On an even grander scale, it’s tempting to imagine life physically exchanging informational algorithms across an entire galaxy. Indeed, the old idea of panspermia leads to the wholesale exchange of biology between the stars. But it seems likely that living systems would need to be built differently, and perhaps operate on different timescales than on Earth, for this scenario to make sense. And that kind of possibility leads to some intriguing ideas. While we can speculate about life evolving from different substrates, the avenue that we have the most insight into (albeit still limited) is where agency-driven organisms devise external technology that can decode or even assume the mantle of complex living systems. In other words, machines that augment or supersede organic biology and change the equation limiting the scope of how, where, and when “genetic” information can be shared and transferred.
The extraordinary thing is that we are already doing this. Take any kind of corrective gene therapy. That therapy relies on an intimate prior knowledge of gene function in healthy populations—from the base-pair sequence of DNA to the interaction of genes with their environment. While gene therapy may not literally take genes from one individual and insert them in another, in many respects it is entirely equivalent to doing just that.
If we allow ourselves to imagine that life elsewhere in the cosmos has evolved toward technological manipulation of its surroundings, then it stands to reason that machine-mediated gene transfer and machine-mediated organism reproduction is happening somewhere. It might be rationalized as a decision made by a consciously aware species, but it could also be seen as a direct, mechanistic extension of the efficacy of gene exchange and sexual reproduction in perpetuating the phenomenon of life.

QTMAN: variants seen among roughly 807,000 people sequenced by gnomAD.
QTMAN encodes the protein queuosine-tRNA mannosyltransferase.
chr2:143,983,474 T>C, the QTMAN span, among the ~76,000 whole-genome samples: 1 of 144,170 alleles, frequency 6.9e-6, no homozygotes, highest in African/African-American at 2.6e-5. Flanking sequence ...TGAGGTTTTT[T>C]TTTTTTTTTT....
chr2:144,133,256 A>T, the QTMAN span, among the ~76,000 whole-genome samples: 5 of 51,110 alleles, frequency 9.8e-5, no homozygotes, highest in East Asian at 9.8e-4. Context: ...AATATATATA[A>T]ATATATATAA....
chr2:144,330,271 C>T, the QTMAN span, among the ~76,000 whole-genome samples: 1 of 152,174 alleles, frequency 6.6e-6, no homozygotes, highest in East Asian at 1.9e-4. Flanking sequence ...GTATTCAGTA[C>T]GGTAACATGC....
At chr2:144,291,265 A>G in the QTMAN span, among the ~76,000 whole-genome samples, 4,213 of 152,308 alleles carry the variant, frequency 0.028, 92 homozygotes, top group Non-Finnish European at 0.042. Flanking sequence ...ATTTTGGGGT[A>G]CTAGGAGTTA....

This unlocks a myriad of possibilities. For example, why stick to sexual reproduction involving only two gene-giving parents? We’ve recently seen a version of this in the birth of a human whose DNA was, in a limited fashion, a mix from three biological parents.6 While this was done to try to fix dysfunctional mitochondrial genes, it opens a door to more radical options. With enough understanding of the interactions of genes and developmental biology, likely supported by machine learning, we might imagine technologically advanced life where offspring inherit a selected mix of genes from dozens, hundreds, even millions of “parents.” In effect every child is truly everyone’s.
When we hit this point, any previous extrapolations can seem pretty parochial. For example, given enough time and technology, a species and its biosphere might surge across the universe driven by an insatiable appetite for life-related informational algorithms (genes in essence but not necessarily in form). Exchanging and blending with anything and everything, looking for new and better pathways through the vast landscape of Darwinian selection. A 10-billion-year-old galaxy represents a fantastic repository of experiments in life. Just as with our own sexual reproduction, a mix and match of tested genes is an efficient way to explore variations that might confer increased fitness. If the aliens ever show up at Earth they won’t ask to be taken to our leader, they’ll ask for a cheek swab and a consent form.